Film Review: MacGruber

MacGruber! Did they really make a movie out of that one-joke "SNL" character? MacGruber! Can a 90-second sketch become a funny feature film? MacGruber! Well, it's no 'Wayne's World' but at least it's not 'It's Pat.' MacGruber!

It’s been ten years since The Ladies Man effectively put an end to big-screen versions of “Saturday Night Live” sketches and, in the intervening decade, there’s been a great deal of speculation about which actor/character combo would get the once-profitable franchise rolling again. Would it be Amy Poehler and Maya Rudolph as “Bronx Beat” babes Betty and Jodi? How about Kenan Thompson’s brassy serial-divorcée Virginiaca? Or maybe one of Kristen Wiig’s numerous creations like, say, the Target Lady, Aunt Linda or Gilly? (Honestly, let’s all hope that the latter character never finds her way to the movie theatre. While we’re at it, ban her from appearing on the series anymore as well.)

With all the options “SNL” guru Lorne Michaels had to choose from, few would have guessed that he'd deem Will Forte’s MacGruber as the personality most worthy of a feature film. For one thing, MacGruber—a spoof of MacGyver, the resourceful hero of the eponymous ’80s series starring Richard Dean Anderson—is a one-joke character whose sketches rarely run longer than a minute or so. Each one follows the same premise: MacGruber, his intrepid sidekick (Wiig) and a random third person (usually played by that week’s guest star) are locked in a small room next to a bomb that’s about to go off. In true MacGyver fashion, MacGruber begins to defuse the bomb using whatever is at hand, but inevitably gets distracted from his task and, seconds later, an enormous explosion blows them to smithereens. By the time the next sketch starts, though, all three are back in the land of the living, albeit still trapped in the same room with the same bomb and the same stupid distractions. It’s like a version of No Exit that Sartre might have written after a few too many late nights on the couch watching “MacGyver” repeats while inhaling some grade-A weed.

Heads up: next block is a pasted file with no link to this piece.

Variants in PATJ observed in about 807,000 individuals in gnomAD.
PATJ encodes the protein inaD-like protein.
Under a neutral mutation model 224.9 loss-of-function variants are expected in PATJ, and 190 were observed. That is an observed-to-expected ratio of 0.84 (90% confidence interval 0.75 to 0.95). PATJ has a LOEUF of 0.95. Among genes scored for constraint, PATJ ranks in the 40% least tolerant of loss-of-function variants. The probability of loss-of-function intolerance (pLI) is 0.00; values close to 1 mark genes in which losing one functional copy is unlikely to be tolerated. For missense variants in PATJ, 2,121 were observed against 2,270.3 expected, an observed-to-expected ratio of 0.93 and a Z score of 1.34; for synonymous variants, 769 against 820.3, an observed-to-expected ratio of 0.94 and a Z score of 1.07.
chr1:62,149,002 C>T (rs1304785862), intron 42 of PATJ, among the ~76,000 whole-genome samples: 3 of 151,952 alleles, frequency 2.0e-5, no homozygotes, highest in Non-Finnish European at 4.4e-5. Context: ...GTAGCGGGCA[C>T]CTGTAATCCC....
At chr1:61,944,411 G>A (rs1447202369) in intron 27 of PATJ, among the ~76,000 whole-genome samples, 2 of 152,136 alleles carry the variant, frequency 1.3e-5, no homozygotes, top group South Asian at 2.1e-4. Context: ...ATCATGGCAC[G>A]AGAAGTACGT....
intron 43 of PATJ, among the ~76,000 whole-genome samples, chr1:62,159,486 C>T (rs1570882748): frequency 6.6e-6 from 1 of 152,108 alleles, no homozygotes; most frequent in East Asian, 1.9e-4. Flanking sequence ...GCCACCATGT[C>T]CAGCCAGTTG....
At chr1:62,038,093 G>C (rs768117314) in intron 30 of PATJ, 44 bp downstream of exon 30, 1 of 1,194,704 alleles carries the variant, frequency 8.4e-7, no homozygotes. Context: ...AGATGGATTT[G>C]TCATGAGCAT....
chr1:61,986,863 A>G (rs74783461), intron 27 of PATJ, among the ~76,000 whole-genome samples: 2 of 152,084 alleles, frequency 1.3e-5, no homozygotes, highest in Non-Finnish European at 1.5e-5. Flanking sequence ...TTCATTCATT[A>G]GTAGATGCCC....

Given those limitations, it was clear that some serious changes were in order if MacGruber was going to go from the star of a 90-second sketch to a 90-minute feature. So Forte and his "SNL" co-writers John Solomon and Jorma Taccone (who also directed the film) put on their thinking caps—or, to be more accurate, re-watched every cheesy ’80s action movie they could get their hands on—and came up with MacGruber 2.0, who should perhaps be called MacRambo. The scribes certainly aren't shy about raiding that seminal Sly Stallone franchise for material; not only does ex-military man MacGruber begin the movie living in seclusion somewhere in Asia a la Rambo III, but his signature combat move is ripping an opponent's throat out, a skill that Rambo employed to such memorable effect in the fourth flick.